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Wednesday, 12 October 1949


The TEMPORARY CHAIRMAN (Mr Lazzarini (WERRIWA, NEW SOUTH WALES) - Order ! The honorable member must deal with the Estimates now under consideration.


Mr ANTHONY - To show how the honorable member's intellectual honesty has deteriorated, I mention the fact that he referred to a booklet which, he said, had been issued by the Department of Labour and National Service. He went on to say that the booklet was so impartial that any government should be prepared to authorize its publication. However, he neglected to mention that in the foreword to the booklet, which was written by the Prime Minister (Mr. Chifley), the following statement appears: -

Even when Australia was in the grip of war, the then Prime Minister, Mr. Curtin, agreed with me that social security in the post-war era demanded a comprehensive social services programme. We felt that the misery and hardship of past years were things which Australia should never have to endure again.


Mr Calwell - "What is wrong with that?


Mr ANTHONY - Every line of it is Labour propaganda. Notwithstanding that fact, the honorable member for Fremantle endeavoured to persuade himself mid those who may have been listening to his speech that this booklet is a straightforward document and that thousands of copies of it should be printed at the expense, not of the Australian Labour party, but of the public. I understand that 1,000,000 copies of the booklet are on order with the printers. Apart from that, I want to show how the Australian Labour party has debased this booklet. A copy of the booklet which has been handed to me by the honorable member for Swan (Mr. Hamilton) who, like the honorable member for Fremantle, comes from. Western Australia, has plastered all over it the words, " Vote Labour. Webb for Swan ". We have been told that this booklet is not a propaganda document, that its printing involves a reasonable expenditure of government money, and that its contents would be endorsed by every right-thinking and fair individual in the community. Apparently the honorable member for Fremantle has slipped very greatly in the three short years of his membership of this Parliament.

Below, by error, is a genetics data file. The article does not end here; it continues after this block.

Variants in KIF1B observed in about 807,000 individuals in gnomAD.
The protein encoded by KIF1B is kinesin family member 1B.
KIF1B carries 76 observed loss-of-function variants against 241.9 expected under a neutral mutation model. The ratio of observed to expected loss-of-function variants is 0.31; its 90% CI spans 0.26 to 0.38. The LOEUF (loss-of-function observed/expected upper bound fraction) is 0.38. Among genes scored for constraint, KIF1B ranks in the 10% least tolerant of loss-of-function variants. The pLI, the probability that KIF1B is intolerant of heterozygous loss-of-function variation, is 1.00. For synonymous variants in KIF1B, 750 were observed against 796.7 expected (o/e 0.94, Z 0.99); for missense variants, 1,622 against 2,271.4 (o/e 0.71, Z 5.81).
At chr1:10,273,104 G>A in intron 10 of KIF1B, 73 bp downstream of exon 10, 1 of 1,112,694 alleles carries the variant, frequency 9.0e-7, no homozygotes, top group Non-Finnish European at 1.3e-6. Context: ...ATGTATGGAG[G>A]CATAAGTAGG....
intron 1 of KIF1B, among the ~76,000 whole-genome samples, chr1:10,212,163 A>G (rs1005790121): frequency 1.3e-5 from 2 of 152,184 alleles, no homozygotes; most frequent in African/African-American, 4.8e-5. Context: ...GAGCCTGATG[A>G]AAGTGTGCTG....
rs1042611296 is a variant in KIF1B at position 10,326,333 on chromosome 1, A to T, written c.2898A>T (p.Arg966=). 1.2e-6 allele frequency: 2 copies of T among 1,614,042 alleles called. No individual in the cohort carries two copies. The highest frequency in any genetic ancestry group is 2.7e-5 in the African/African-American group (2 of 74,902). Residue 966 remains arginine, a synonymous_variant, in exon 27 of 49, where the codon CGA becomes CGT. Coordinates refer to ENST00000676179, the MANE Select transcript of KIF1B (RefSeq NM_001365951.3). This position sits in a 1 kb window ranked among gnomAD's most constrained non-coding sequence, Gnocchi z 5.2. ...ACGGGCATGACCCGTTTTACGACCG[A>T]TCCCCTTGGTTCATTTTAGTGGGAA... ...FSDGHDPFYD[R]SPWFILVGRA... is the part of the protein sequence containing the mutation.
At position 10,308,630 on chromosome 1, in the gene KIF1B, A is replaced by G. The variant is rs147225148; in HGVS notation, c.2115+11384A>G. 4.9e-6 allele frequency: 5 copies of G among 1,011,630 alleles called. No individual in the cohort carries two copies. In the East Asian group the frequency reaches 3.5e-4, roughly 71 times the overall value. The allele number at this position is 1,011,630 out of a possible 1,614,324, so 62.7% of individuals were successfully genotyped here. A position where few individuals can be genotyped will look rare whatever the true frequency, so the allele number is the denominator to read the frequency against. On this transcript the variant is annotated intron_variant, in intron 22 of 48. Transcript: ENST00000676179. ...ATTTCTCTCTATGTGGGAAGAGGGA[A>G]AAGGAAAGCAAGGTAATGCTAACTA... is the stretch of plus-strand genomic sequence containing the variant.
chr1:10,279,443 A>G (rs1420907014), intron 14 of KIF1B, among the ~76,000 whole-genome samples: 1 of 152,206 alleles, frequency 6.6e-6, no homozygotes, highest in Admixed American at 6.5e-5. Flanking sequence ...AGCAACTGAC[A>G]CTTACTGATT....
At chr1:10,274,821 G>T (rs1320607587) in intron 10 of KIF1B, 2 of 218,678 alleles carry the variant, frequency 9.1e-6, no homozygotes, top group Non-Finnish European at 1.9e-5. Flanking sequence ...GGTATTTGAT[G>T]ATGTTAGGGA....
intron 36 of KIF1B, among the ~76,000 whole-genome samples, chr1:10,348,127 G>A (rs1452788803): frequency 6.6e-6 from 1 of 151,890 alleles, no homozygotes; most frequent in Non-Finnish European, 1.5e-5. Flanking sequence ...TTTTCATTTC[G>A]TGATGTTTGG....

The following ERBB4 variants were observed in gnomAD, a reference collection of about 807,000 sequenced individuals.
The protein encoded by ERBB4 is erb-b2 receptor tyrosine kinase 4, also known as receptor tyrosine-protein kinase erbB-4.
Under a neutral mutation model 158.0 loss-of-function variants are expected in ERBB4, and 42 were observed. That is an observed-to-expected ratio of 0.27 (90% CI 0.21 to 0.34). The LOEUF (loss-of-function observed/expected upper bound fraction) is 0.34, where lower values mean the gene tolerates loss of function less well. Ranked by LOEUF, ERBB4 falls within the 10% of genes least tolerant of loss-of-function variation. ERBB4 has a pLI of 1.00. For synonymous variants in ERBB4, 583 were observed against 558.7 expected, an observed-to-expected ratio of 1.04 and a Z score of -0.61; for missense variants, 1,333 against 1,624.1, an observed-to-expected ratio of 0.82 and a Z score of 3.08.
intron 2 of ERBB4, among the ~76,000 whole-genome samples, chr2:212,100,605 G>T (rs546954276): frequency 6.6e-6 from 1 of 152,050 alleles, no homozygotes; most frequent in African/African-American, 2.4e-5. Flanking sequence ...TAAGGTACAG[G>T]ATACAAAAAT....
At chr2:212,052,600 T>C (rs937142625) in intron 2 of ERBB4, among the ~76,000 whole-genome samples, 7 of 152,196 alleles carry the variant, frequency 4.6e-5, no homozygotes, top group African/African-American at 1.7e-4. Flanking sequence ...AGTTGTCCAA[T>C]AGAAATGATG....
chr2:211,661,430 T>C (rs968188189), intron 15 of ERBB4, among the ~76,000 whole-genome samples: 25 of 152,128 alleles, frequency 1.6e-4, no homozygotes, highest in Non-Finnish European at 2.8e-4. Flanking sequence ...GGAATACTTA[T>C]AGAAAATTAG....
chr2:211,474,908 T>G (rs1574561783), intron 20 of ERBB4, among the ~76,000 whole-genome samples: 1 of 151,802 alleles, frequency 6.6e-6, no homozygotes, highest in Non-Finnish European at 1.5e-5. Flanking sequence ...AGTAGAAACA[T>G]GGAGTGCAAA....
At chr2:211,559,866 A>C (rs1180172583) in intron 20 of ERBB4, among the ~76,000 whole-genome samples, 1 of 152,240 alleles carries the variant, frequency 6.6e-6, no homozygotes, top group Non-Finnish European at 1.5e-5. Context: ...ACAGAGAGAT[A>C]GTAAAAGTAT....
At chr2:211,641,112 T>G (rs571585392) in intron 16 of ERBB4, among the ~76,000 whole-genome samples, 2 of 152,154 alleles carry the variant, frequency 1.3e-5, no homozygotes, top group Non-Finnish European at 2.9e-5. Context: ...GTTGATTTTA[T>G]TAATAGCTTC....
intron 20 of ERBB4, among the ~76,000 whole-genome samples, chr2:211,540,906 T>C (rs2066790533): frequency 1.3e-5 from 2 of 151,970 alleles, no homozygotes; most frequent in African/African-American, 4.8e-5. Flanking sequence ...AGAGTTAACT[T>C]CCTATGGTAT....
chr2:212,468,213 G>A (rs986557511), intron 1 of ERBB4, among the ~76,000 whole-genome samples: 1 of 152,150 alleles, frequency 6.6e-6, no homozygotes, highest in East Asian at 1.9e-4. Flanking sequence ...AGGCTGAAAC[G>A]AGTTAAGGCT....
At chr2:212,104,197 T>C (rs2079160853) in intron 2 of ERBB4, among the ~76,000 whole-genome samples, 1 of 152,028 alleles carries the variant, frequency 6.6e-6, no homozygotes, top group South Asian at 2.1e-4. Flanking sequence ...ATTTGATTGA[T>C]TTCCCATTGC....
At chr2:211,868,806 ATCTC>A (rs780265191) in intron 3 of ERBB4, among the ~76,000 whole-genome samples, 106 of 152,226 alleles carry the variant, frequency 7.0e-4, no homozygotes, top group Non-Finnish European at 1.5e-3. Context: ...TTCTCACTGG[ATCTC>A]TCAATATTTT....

The honorable member invoked the name of General Eisenhower, saying that, as president of the Columbia University, that distinguished gentleman had refused to accept funds from the United States Government for use by the university if such acceptance involved n. promise of secrecy in relation to any research work undertaken by the university. Those are not the facts. The honorable member for Fremantle deliberately clouded the issue. In ' the Melbourne Herald of the 6th June, 1949. the following paragraph appeared : -